AP: Supermodel Gisele Bundchen shimmered to the tune of "The Girl from Ipanema." Fireworks formed the word "Rio" in the skies. The colossal Christ the Redeemer statue was bathed in Brazilian yellow and green. Dancers, all hips and wobble, grooved to thumping funk and sultry samba.
After one of the roughest-ever rides from vote to games by an Olympic host, the city of beaches, carnival, grinding poverty and sun-kissed wealth celebrated Brazil's can-do spirit, biodiversity and melting pot history.
The crowd roared when Bundchen sashayed from one side of the 78,000-seat arena to the other, as Tom Jobim's grandson, Daniel, played his grandfather's famous song about the Ipanema girl "tall and tan and young and lovely."
In a video preceding the show, U.N. Secretary-General Ban Ki-moon said the games "celebrate the best of humanity" and appealed for an Olympic truce, calling on "all warring parties to lay down their weapons" during the two weeks of sporting achievement.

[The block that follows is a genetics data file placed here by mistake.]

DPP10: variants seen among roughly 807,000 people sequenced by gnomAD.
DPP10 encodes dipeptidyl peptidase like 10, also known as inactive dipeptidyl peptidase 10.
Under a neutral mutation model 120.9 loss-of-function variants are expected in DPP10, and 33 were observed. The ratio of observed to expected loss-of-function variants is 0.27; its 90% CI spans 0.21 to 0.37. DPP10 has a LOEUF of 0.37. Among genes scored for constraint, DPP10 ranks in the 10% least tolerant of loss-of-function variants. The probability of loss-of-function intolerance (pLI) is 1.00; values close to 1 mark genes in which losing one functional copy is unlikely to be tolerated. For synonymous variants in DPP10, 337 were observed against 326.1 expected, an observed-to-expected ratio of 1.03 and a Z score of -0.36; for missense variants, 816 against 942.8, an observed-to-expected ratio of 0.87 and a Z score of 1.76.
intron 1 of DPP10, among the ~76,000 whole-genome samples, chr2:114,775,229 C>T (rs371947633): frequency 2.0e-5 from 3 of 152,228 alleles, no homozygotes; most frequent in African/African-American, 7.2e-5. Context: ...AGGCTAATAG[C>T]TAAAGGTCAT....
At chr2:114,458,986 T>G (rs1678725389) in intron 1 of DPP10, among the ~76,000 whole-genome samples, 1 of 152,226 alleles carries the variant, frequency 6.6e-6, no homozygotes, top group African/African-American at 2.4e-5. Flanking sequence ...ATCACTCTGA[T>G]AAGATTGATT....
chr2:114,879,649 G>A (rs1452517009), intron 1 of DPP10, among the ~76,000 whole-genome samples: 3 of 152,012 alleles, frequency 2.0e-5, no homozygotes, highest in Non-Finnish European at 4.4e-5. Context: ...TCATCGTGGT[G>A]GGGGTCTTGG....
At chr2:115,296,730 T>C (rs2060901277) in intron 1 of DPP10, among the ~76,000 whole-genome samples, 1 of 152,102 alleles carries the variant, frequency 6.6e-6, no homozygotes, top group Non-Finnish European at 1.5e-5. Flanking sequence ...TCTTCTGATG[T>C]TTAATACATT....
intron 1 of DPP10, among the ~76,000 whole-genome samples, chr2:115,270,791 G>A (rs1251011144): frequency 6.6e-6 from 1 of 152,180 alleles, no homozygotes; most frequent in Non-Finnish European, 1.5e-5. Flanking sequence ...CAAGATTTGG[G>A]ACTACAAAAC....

There were times after the International Olympic Committee selected Rio ahead of Chicago, Tokyo and Madrid in 2009 when it seemed that the city of 6.5 million people might not get its act together for the world's greatest sporting mega-event. The spreading health crisis of the mosquito-born Zika virus kept some athletes away. Promises to clean up Rio's filthy waters remained unfulfilled. The heavy bill for the games, at least $12 billion, made them unpopular with many. Heavily armed security stopped a small group of protesters from getting close to the stadium ahead of the ceremony.